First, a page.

Anxiety, Depression and Urological Cancer Outcomes: A Systematic Review

Ayushi Dinesh, Sofia Helena Pagani Soares Pinto, Oliver Brunckhorst, Prokar Dasgupta, Kamran Ahmed*

*Corresponding author for this work

Research output: Contribution to journalArticlepeer-review

16 Citations (Scopus)
27 Downloads (Pure)


The interplay between physical and mental aspects of a cancer diagnosis are well recognised. However, little consensus exists on the impact of depression and anxiety on urological cancer outcomes. Therefore, this systematic review aimed to investigate the relationship between these conditions and functional or oncological outcomes in urological malignancy.

Materials and Methods
A systematic search was conducted using PubMed, Embase, PsycINFO and Global Health databases up to June 2020. Studies evaluating the relationship of anxiety and depression disorders or symptoms on functional and mortality outcomes were included. Outcome measures included validated urinary, sexual, body image questionnaire scores and all-cause or disease-specific mortality.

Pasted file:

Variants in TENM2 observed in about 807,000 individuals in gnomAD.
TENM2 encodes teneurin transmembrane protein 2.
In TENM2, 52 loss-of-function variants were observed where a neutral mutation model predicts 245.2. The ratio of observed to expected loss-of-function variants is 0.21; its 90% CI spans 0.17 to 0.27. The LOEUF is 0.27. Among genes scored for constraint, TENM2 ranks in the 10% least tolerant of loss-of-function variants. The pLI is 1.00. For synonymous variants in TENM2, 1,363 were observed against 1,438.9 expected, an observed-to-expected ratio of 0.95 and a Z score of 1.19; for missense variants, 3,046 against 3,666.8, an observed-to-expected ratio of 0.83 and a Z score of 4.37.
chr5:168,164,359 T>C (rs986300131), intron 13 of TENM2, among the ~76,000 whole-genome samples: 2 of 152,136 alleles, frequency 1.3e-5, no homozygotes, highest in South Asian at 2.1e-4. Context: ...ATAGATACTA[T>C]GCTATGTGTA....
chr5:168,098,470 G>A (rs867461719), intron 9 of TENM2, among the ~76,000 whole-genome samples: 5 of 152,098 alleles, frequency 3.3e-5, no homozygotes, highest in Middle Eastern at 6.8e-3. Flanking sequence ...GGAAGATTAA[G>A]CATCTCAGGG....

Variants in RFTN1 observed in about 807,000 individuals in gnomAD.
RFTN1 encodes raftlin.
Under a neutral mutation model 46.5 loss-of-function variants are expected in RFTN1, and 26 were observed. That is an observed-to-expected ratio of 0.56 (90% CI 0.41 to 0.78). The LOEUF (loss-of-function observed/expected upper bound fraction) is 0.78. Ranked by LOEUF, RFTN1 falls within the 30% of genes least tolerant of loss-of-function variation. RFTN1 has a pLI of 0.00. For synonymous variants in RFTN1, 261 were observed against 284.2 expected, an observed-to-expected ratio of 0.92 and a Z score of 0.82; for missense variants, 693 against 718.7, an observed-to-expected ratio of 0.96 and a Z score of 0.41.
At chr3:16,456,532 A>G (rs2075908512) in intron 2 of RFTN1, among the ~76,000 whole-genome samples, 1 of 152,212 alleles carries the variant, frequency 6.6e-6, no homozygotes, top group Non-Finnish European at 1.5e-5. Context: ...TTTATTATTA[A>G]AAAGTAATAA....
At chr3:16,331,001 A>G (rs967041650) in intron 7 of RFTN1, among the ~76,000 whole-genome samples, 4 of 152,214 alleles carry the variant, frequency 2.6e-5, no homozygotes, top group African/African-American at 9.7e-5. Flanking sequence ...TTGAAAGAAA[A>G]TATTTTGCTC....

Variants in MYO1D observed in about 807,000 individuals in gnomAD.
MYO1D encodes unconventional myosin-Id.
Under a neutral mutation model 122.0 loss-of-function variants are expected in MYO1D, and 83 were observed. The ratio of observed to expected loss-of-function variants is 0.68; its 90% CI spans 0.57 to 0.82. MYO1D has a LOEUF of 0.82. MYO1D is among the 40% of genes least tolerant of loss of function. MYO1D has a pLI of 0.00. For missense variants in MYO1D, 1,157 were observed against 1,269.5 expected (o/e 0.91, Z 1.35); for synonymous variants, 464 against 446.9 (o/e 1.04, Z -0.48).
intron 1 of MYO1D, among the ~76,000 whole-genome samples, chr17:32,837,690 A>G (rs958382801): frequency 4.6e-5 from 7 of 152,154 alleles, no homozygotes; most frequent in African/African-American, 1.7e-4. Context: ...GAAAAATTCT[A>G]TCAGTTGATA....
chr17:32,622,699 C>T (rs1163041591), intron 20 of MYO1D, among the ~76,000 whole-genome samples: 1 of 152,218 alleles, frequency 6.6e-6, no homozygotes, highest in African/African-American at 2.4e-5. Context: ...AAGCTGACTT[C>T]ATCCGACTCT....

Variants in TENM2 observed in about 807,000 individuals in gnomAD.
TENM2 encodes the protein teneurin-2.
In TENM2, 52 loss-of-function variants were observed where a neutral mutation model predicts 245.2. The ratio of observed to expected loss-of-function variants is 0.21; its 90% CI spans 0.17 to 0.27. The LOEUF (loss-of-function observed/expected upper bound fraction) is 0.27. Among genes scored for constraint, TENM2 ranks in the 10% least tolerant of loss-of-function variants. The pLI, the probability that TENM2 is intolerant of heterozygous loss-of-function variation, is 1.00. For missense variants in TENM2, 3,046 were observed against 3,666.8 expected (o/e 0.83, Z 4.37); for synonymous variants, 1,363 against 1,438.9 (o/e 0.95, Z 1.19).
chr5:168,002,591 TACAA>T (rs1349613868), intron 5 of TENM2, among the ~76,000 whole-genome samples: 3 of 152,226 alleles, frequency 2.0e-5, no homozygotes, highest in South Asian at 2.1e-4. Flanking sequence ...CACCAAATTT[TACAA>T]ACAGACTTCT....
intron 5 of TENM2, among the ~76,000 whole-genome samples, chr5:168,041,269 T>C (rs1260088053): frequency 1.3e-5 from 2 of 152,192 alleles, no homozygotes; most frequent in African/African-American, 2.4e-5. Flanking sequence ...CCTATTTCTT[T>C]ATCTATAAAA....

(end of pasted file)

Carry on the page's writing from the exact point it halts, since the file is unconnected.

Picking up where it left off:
Of 3,966 studies screened, 25 studies with a total of 175,047 urological cancer patients were included. Significant anxiety and depressive symptoms and disorders were found to impact functional outcomes in several cancer types. A consistent negative association existed for sexual function in prostate, testicular and penile cancer patients. Additionally, poorer urinary function scores were seen in prostate cancer, with increased body image issues in testicular and prostate cancer. Importantly, both overall and disease-specific mortality outcomes were poorer in bladder and prostate cancer patients.

Co-existing depression and anxiety appears to be negatively associated with functional and mortality outcomes in urological cancers. This appears especially evident in male cancers, including prostate and testicular cancer. Although not proving causation, these findings highlight the importance of considering mental wellbeing during follow-up for early recognition and treatment. However, current evidence remains heterogenous, with further studies required exploring patients at risk.
Original languageEnglish
Pages (from-to)816-828
Number of pages13
JournalUrologic Oncology: Seminars and Original Investigations
Issue number12
Early online date6 Sept 2021
Publication statusPublished - Dec 2021


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